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Critics hated it. The public feared it would topple over. Passersby were knocked down by the winds. But even before it was completed, the Flatiron Building had become an unforgettable part of New York City.
The Flatiron Building was built by the Chicago-based Fuller Company - a group founded by George Fuller, "the father of the skyscraper" - to be their New York headquarters. The company's president, Harry Black, was never able to make the public call the Flatiron the Fuller Building, however. Black's was the country's largest real estate firm, constructing Macy's department store, and soon after the Plaza Hotel, the Savoy Hotel, and many other iconic buildings in New York as well as in other cities across the country. With an ostentatious lifestyle that drew constant media scrutiny, Black made a fortune only to meet a tragic, untimely end.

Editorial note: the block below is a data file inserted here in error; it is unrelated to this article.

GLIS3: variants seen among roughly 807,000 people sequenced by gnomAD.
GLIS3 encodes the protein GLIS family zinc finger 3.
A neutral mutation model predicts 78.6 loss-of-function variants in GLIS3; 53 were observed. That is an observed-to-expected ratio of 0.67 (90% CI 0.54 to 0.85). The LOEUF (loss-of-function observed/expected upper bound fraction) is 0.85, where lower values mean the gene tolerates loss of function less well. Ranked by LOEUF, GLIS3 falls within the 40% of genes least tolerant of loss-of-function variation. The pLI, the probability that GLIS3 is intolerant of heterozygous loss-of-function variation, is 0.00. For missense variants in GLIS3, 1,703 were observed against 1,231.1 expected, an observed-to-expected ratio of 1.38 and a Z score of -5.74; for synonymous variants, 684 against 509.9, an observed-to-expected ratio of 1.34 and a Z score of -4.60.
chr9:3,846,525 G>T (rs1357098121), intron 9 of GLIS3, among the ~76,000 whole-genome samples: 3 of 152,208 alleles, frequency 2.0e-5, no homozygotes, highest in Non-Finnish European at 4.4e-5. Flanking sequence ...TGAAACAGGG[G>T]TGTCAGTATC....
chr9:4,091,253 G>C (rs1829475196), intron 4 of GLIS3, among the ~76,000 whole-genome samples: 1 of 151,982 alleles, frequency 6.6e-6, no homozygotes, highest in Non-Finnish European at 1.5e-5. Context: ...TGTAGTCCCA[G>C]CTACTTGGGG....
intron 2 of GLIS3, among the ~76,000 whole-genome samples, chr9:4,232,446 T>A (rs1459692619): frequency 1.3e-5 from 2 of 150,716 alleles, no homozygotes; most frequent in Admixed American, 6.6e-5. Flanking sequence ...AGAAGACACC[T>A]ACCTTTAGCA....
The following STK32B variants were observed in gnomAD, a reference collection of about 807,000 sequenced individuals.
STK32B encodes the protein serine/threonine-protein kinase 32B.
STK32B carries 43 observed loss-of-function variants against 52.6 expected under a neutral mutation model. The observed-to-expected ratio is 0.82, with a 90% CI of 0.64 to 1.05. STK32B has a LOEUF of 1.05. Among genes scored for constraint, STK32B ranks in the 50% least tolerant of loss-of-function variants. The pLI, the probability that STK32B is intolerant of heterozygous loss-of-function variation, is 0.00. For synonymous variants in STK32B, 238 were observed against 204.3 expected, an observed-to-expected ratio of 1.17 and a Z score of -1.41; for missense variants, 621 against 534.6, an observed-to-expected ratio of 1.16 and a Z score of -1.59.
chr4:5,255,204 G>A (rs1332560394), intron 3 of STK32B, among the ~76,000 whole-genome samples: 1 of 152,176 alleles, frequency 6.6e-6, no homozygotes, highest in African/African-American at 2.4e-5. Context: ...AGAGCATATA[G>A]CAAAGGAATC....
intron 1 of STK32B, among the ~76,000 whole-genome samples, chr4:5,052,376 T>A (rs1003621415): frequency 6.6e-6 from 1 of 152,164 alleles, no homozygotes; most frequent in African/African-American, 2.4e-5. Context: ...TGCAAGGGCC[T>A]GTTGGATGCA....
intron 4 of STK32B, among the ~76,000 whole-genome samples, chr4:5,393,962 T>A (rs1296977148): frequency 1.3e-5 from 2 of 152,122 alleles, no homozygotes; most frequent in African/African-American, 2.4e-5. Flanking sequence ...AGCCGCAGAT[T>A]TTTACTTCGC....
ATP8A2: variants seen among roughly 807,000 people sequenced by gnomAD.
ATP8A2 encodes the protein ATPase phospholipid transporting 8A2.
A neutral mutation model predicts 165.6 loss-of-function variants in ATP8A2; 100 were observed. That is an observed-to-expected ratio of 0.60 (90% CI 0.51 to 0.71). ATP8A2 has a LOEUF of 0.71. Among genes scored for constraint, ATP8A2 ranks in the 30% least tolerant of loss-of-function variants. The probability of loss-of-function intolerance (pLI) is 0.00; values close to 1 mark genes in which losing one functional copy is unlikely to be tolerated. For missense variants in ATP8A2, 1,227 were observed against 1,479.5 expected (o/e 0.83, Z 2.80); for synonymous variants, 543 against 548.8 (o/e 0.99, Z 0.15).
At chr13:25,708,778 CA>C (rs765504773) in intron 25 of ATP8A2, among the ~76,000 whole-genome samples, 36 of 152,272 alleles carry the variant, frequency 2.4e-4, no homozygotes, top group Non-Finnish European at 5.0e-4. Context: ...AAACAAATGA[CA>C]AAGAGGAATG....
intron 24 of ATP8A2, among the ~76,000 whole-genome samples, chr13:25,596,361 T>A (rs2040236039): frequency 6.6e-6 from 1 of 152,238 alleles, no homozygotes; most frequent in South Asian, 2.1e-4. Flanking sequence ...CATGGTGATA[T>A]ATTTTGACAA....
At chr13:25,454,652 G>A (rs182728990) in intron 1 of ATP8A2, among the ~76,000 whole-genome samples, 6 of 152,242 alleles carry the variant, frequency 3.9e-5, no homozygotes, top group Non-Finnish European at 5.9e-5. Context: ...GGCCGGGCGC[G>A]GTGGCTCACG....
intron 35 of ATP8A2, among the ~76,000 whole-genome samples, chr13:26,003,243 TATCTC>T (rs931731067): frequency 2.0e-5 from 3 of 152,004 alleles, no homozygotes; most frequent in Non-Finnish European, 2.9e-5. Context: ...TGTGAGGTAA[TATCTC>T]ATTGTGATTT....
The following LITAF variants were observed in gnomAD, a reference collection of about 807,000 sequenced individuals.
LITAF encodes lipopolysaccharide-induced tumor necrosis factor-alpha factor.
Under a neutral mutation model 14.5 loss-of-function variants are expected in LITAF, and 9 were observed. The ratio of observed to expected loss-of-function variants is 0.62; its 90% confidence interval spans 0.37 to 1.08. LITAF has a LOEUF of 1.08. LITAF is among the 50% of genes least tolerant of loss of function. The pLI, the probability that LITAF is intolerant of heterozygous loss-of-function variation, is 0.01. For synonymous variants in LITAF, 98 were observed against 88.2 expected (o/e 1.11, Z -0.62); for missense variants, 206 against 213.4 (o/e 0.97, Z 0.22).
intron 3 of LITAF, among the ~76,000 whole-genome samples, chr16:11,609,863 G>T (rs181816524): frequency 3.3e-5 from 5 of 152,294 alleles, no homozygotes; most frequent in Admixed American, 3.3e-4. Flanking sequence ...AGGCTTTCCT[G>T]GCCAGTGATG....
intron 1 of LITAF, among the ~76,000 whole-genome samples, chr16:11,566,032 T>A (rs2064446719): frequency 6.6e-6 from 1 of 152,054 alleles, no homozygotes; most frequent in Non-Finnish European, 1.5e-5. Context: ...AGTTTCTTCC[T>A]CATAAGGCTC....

In The Flatiron, Alice Sparberg Alexiou chronicles not just the story of the building but the heady times in New York at the dawn of the 20th century. It was a time when Madison Square Park shifted from a promenade for rich women to one for gay prostitutes; when photography became an art; motion pictures came into existence; the booming economy suffered increasing depressions; jazz came to the forefront of popular music - and all within steps of one of the city's best-known and best-loved buildings.
Customer ReviewsMost Helpful
By C. V. Amerling on 02-28-16
Delightful and vivid!
I was very pleasantly surprised by this book which not only gave an insightful account of the origins of the Flat Iron Building, but also vividly and intimately brought to life New York at the turn of the century. It made me feel like I was right there!
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